The shortlisting of the architecture collective Assemble for the Turner Prize has been a surprise to most commentators in the architectural world. Largely because their story seems rather familiar. Here are a group of young trainee architects and their friends in other fields who came together to turn a former petrol station into a cinema in Clerkenwell in the summer of 2010. There project was architectural in purpose and ambitious in its wider intention. Let’s not just turn this petrol station into a cinema but all the other 4,000 odd abandoned ones across the country. It was executed well. The choice of materials was ingenious, particularly the luxurious ‘ruched’ curtain made from a metallic vapour control layer normally inserted in a buildings envelope. It was in a rich vein of temporary, self-initiated work brought to London by the Paris based collective Exyzt and the Berlin-based group Raumlabor.
We have become used in architecture to this type of practice; typifying what is known as social entrepreneurship, the model of which owes a lot to Raumlabor. The pioneering German group’ s practice of using temporary, self-built structures as a catalyst to discussed permanent changes to public space with the public that would use it and their influence has been immense. Indeed the late Matthias Rick and his cohorts set the purpose and direction to a very key strain of contemporary architectural production, channeling Cedric Price’s later understanding of temporary structures as catalysts and propositions to further more permanent structures. Assemble have used this tactic to good effect in their work around the Commonwealth Games in Glasgow as well as the street in Liverpool for which they were nominated.
So it is very tempting to see the Turner Prize nomination for Assemble as having something to say about architecture, even if the award comes from the art world. But whilst the nomination does shine a light on the development of a particular kind of approach to architects self-initiating and building structures, sometimes architects, it’s not really about you. Yes, the development of pavilions from being a pedagogical endeavour – the pavilions that get erected out front of the Architectural Association every summer are an example – to being an end goal is a sign of our times. It has also been the foundation on which practices like Studio Weave or Carmody Groarke have cut their teeth. We have moved from a culture prevalent in the 1980s when architects who were not yet working created extravagant, apparently unbuildable projects on paper to a different world in which they actually build projects; albeit infinitesimally smaller, temporary structures.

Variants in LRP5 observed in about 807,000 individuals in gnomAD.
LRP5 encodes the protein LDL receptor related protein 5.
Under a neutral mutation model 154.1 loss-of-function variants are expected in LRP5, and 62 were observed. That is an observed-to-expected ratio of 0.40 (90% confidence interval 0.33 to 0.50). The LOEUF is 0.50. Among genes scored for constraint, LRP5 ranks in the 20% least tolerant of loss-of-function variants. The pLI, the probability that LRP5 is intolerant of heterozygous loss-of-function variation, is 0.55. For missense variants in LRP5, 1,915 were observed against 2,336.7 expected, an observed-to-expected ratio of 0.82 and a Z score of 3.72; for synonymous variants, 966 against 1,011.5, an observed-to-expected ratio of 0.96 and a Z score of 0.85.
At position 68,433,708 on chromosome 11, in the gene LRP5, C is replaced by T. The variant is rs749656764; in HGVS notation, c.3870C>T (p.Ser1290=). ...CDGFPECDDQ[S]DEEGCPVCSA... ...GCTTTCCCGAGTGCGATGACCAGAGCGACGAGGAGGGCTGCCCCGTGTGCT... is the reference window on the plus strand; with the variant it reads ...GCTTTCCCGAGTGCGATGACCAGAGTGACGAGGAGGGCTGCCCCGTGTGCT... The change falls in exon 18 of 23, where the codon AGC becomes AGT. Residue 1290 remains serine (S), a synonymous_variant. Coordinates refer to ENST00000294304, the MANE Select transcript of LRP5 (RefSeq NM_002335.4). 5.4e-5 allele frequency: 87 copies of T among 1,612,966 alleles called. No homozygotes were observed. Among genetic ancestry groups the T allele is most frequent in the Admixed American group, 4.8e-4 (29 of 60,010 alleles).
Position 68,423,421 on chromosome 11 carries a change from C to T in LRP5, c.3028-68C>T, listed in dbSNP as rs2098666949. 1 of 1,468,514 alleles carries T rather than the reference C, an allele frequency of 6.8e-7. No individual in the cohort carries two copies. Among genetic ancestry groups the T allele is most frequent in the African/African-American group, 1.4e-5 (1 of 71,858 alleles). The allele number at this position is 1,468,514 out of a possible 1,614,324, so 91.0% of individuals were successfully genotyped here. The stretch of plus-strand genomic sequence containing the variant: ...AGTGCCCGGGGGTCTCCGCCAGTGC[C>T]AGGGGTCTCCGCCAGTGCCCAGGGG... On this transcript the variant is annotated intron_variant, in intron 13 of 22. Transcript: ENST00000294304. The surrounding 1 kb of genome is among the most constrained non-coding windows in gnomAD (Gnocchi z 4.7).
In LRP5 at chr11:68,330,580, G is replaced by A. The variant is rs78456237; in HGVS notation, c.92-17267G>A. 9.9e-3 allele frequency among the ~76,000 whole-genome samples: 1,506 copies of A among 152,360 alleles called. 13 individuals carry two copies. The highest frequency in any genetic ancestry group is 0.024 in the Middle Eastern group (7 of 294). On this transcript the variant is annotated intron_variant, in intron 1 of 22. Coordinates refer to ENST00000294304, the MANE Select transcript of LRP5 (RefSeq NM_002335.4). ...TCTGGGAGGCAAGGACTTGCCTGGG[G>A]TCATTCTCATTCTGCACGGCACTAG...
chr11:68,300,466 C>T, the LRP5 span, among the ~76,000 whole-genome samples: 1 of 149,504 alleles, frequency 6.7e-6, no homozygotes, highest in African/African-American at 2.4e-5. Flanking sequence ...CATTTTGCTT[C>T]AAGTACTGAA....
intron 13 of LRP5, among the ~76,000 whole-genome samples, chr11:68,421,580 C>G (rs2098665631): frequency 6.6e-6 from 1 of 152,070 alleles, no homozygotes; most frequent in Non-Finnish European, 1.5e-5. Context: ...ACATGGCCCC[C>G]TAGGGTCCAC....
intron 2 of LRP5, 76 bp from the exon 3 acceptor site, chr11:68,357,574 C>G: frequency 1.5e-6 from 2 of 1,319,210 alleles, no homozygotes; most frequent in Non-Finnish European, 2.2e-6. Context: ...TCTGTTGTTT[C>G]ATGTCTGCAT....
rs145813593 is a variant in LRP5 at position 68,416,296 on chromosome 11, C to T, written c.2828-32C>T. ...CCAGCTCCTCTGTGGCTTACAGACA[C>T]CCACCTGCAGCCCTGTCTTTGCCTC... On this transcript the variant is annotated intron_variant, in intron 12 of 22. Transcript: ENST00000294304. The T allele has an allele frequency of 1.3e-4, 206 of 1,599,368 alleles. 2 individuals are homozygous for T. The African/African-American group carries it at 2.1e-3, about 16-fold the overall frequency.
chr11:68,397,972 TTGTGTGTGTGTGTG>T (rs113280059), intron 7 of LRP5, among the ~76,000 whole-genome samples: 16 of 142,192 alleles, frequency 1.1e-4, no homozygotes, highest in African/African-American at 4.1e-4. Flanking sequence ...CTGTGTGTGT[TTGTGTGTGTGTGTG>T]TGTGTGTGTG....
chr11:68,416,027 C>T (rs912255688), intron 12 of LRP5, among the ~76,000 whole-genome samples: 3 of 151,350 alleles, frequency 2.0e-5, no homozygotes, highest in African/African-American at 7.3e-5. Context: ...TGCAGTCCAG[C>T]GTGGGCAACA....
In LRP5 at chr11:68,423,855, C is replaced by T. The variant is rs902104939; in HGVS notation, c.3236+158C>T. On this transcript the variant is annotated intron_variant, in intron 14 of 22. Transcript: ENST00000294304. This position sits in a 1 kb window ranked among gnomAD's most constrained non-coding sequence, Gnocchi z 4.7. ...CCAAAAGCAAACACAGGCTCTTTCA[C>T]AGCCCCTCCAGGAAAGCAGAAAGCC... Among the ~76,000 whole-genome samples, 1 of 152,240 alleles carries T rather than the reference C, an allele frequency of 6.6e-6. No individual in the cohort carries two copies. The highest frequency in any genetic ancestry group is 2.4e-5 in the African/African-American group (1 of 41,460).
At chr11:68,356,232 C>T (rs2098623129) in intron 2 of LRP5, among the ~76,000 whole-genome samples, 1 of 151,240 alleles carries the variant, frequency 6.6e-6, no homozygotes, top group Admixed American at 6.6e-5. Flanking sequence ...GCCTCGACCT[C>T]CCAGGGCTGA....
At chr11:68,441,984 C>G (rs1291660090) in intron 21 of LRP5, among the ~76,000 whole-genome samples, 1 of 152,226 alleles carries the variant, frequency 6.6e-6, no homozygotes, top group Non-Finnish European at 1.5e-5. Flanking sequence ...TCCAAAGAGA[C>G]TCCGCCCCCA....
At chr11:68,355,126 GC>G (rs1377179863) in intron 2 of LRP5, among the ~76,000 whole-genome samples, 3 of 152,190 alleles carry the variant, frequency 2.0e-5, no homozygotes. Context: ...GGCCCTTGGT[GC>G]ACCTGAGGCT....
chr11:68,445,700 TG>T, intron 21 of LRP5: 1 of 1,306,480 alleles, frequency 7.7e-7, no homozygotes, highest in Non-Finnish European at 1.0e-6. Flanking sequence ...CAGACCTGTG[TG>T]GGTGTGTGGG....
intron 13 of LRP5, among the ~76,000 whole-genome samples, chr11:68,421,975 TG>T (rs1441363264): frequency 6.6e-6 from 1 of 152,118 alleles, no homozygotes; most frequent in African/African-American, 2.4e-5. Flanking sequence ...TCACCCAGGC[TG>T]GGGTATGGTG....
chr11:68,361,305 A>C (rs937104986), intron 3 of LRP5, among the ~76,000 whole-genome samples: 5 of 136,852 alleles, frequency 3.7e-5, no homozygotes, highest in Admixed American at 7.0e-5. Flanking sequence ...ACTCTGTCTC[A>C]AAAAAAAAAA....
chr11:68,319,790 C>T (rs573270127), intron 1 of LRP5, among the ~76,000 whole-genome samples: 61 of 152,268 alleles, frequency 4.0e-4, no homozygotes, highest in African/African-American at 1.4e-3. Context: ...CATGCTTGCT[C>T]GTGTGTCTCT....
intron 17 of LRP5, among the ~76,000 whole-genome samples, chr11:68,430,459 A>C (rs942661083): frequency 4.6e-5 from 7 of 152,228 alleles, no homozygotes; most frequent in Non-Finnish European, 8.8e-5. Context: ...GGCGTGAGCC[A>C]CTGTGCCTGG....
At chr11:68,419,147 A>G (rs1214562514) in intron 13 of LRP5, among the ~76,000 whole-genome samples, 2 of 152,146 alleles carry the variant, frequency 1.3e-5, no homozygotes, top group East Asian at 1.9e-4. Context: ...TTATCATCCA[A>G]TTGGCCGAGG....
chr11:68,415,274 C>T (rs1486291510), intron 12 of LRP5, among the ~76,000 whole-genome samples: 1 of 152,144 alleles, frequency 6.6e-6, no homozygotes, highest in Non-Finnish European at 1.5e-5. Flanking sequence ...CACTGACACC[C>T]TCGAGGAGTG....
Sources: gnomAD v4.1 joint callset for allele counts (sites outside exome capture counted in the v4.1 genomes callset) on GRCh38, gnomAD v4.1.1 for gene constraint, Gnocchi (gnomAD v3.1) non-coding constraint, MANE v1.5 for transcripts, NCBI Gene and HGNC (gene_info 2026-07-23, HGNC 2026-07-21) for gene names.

But this award – one must remember – comes from the art world and, if an overview of the central exhibitions at the core of the recently opened Venice Art Biennale is any indication, it is representative of a very particular crisis within that world. The nomination for Assemble for an art prize is symptomatic of a part of the art world reaching out for significance in a rather dishonest way; appropriating a practice that ultimately shares little of its concerns. The Turner Prize committee have adopted a strategy that attempts to address the same crisis at the heart of the The Venice Art Biennales central exhibition All the World’s Futures, curated by Okwui Enwezor. The key exhibitions in the Giardini and Arsenale, curated by Enwezor are typified by a rootless search for an idea of political engagement. The exhibition’s global reach making this phenomena even more endemic to current art world production.
The readings of Marx’s Das Kapital are just the beginning. (The whole thing is being read in half hour chunks between now and the end of November.) Madhusudhanan’s series Logic of Disappearance, A Marx Archive is a series of charcoal drawings on paper, which repositions a bust of Marx with no apparent end. There are endless drawings of riots on the opposite wall by another artist. Some old Andreas Gursky’s of trading floors. Some of Tetsuya Ishida’s teenage manga pieces. In another room in the former Italian pavilion in the Giardini, the works of the photographer Walker Evans look down in judgement on the sorry proceedings: essays in composition, mastery of technique and humility, they do not say anything, they just record what is there, unflinchingly.
Not that this is the only strategy that the artist must follow, merely that they reveal a hidden truth about the practice of art that is unable to do anything other than criticise itself. As JJ Charlesworth, Associate Editor of Art Review has very elegantly suggested, this particular Biennale has “a bad case of disavowal – of not wanting to admit that you’re part of a system that is the problem, not the solution”. There is very little consideration of the historical relationship between the particular institution of the Biennale to the world which it purports to critique. There is very little sense of a world beyond the trade of art.
I think this reading could be very well applied to the appropriation of Assemble’s work into the world of art practice. The Turner Prize has reached out to a practice whose work denotes the activist potential of art. It is in many ways a more dramatic move than the endless naval gazing of so-called “political art” but whilst I think that Assemble’s work is well-meaning and I certainly wouldn’t wish to do them out of the much needed support, I do think this is mainly about an ongoing crisis in the art establishment which wishes to break out beyond itself. Ironically they may very well have given a leg-up to a bunch of budding creative entrepreneurs.